It wasn’t a grand epiphany, or a specific recipe that prompted this toasty, satisfying dinner; instead it was more of a breadcrumb trail (as all great, truly inspired and different things are, right?) There was that one summer when a friend cooked us dinner at a little bungalow on a vineyard in Napa; he threw armloads of beautiful local mushrooms in a roasting pan with shallots, the zest and juice of several lemons freshly picked from the surrounding trees, a nice glug of olive oil, salt, pepper and then some melty cheese at the end. We sat around the campfire, with goblets full of wine, scooping up the mushrooms and mopping up their delicious juices as dusk turned to night and the stars came out. Then, there have been all the times that I’ve been inspired by this lady and her book to look at whole grains in different ways — and in this case, to forget the beautiful, traditional, somewhat painstaking process of making risotto with arborio rice and to instead plug in whatever I have on hand. Not because I don’t appreciate the process — oh, I do! But because sometimes I don’t have the time to properly prepare a proper risotto, and this doesn’t stop us from craving one. I presented the idea of this bowl to Derek as “a risotto of sorts.” He got it and probably didn’t really care what it was called — it was good.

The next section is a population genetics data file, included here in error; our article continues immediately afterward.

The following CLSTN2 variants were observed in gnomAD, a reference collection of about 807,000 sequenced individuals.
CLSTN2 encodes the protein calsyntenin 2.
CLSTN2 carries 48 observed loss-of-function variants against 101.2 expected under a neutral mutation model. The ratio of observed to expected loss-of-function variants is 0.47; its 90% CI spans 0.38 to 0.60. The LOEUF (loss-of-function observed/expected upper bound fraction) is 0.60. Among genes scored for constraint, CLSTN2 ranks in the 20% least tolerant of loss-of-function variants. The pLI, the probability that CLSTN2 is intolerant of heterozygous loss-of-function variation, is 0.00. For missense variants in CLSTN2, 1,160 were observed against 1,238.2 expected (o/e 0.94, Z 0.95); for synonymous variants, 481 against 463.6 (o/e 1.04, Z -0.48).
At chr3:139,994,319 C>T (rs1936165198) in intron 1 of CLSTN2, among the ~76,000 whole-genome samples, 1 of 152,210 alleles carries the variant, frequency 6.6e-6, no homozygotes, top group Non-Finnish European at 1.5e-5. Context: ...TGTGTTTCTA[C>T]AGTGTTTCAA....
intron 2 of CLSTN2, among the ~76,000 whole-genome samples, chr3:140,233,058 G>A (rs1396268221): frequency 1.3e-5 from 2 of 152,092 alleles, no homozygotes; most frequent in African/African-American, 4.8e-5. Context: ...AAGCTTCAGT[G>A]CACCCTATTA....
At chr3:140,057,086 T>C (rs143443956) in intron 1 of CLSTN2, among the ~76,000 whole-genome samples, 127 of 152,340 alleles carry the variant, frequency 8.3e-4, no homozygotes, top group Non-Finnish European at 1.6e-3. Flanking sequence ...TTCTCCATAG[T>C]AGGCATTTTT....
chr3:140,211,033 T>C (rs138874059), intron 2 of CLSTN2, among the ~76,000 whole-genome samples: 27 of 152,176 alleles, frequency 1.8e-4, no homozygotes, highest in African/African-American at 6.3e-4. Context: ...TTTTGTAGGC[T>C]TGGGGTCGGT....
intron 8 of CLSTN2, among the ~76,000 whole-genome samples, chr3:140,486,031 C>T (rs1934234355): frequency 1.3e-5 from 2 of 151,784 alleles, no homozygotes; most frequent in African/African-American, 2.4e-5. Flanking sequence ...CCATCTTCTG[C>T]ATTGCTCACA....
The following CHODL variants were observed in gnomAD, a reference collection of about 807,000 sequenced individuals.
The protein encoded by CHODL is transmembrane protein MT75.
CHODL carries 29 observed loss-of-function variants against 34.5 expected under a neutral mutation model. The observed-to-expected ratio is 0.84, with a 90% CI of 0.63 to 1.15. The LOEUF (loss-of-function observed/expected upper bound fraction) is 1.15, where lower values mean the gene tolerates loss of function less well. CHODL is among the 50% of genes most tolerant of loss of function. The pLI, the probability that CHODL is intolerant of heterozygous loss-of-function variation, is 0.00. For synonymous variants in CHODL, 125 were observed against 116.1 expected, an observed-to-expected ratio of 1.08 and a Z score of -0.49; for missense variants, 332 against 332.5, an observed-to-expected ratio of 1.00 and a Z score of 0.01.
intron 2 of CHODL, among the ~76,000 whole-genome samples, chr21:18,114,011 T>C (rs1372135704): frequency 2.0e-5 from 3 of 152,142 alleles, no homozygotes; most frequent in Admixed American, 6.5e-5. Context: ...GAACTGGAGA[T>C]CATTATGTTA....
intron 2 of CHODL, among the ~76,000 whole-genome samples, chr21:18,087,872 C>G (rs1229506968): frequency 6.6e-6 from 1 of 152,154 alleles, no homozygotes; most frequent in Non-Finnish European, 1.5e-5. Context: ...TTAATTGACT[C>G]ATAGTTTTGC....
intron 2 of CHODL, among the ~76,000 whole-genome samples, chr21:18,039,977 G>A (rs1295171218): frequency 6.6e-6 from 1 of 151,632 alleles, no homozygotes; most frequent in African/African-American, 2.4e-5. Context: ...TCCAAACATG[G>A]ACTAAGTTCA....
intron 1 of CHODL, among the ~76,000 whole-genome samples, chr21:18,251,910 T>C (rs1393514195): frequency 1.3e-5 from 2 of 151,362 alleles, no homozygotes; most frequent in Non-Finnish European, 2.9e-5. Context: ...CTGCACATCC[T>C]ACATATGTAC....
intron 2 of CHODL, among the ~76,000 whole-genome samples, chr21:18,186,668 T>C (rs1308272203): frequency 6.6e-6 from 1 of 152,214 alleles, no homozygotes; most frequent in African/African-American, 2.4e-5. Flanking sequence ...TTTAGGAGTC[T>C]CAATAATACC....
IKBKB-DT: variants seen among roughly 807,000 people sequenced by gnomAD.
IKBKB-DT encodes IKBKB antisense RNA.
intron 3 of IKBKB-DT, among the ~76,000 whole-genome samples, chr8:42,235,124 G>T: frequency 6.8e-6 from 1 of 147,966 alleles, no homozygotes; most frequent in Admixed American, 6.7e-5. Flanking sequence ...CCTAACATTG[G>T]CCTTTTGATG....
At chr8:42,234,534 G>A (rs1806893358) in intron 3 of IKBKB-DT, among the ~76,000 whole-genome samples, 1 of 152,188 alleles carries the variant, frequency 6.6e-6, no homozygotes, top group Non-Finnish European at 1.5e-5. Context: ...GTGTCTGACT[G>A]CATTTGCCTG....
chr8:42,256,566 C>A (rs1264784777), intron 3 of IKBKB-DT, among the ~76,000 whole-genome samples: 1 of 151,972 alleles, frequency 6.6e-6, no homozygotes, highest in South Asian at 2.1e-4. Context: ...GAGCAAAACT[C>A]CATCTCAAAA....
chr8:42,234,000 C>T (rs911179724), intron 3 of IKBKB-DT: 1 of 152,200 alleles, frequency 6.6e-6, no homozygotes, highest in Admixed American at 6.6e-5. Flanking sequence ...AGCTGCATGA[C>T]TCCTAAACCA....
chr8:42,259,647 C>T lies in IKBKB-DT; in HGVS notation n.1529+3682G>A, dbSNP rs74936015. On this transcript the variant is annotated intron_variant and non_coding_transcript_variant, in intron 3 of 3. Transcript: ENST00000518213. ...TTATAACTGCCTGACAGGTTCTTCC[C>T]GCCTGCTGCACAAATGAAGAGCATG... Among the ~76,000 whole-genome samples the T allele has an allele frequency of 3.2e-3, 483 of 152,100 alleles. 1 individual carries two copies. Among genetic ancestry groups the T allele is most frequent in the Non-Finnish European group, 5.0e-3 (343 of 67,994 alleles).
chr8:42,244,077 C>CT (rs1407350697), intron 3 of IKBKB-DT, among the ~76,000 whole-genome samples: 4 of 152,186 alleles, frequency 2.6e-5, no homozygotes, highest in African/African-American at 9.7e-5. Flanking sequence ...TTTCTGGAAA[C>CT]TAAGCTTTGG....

So, this risotto-like-bowl. I have two bits of advice and both have to do with keeping it simple on you. Earlier this week, I posted this little quick guide to cooking whole grains in anticipation of sharing this recipe with you all. In it, I talk a bit about how grains are interchangeable in so many ways; farro, rice, barley, quinoa. All have their merits, and all are up for a little freestyle action. In Italy, the idea of risotto is excellent because its rice, and butter and cheese and wine and made with your great grandmother’s recipe. But transported out of that culture and into our house, the idea of risotto is excellent because it’s a steaming bowl of rich comfort….and there are a myriad of grains you can use to accomplish that. In this case, I had farro and it worked beautifully. Whatever grain you have on hand, roll with it. In the guide I also suggest using a rice cooker to cook grains, which is something that I’ve done on the regular lately. It really helps me to feel less tied to the kitchen in the evenings (when I’ve already probably been tied to the kitchen all day) and buys me a little more time to ride my bike, catch up on reading, hang with the boys — ya know. The use of a rice cooker here helped bring together this homey dish with ease. Point being, no matter what grain you choose, a rice cooker will get the job done for you here.